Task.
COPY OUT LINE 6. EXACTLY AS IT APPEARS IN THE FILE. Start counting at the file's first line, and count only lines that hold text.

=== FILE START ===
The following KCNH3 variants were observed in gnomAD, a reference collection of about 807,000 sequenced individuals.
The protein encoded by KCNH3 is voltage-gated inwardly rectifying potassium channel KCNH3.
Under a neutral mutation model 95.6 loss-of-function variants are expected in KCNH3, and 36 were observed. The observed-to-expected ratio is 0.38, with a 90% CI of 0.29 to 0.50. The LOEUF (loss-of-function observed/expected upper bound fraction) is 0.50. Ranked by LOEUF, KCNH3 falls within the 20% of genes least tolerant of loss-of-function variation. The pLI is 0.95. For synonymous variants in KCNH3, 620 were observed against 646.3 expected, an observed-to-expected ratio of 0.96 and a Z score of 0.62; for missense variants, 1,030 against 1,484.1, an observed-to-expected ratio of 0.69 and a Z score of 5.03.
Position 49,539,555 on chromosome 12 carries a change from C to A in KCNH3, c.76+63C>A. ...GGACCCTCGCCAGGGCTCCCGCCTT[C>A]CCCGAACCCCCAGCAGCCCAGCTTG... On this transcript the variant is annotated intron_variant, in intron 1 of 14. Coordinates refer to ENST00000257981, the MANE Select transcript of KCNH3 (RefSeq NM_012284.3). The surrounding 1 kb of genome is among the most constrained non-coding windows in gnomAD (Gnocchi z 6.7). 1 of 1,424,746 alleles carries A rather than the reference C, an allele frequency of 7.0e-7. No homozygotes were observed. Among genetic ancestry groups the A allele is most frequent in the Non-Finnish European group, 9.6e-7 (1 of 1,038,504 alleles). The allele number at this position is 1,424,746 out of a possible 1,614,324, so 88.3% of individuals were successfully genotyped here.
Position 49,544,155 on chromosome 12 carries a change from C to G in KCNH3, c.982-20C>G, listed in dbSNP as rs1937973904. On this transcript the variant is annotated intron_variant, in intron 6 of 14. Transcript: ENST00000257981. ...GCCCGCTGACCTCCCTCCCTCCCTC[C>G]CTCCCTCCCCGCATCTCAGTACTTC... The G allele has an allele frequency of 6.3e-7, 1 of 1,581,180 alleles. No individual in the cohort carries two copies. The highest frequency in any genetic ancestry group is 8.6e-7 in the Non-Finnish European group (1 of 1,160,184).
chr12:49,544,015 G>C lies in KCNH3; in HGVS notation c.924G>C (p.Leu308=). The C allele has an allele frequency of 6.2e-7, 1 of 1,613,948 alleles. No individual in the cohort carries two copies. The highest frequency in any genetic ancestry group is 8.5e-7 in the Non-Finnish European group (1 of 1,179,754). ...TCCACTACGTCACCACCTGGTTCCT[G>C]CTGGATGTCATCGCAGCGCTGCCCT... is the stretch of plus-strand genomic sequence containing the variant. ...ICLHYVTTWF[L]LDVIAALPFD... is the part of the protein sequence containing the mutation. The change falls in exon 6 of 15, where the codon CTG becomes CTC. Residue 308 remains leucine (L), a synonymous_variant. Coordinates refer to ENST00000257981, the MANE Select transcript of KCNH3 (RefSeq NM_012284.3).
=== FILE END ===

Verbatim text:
chr12:49,544,015 G>C lies in KCNH3; in HGVS notation c.924G>C (p.Leu308=). The C allele has an allele frequency of 6.2e-7, 1 of 1,613,948 alleles. No individual in the cohort carries two copies. The highest frequency in any genetic ancestry group is 8.5e-7 in the Non-Finnish European group (1 of 1,179,754). ...TCCACTACGTCACCACCTGGTTCCT[G>C]CTGGATGTCATCGCAGCGCTGCCCT... is the stretch of plus-strand genomic sequence containing the variant. ...ICLHYVTTWF[L]LDVIAALPFD... is the part of the protein sequence containing the mutation. The change falls in exon 6 of 15, where the codon CTG becomes CTC. Residue 308 remains leucine (L), a synonymous_variant. Coordinates refer to ENST00000257981, the MANE Select transcript of KCNH3 (RefSeq NM_012284.3).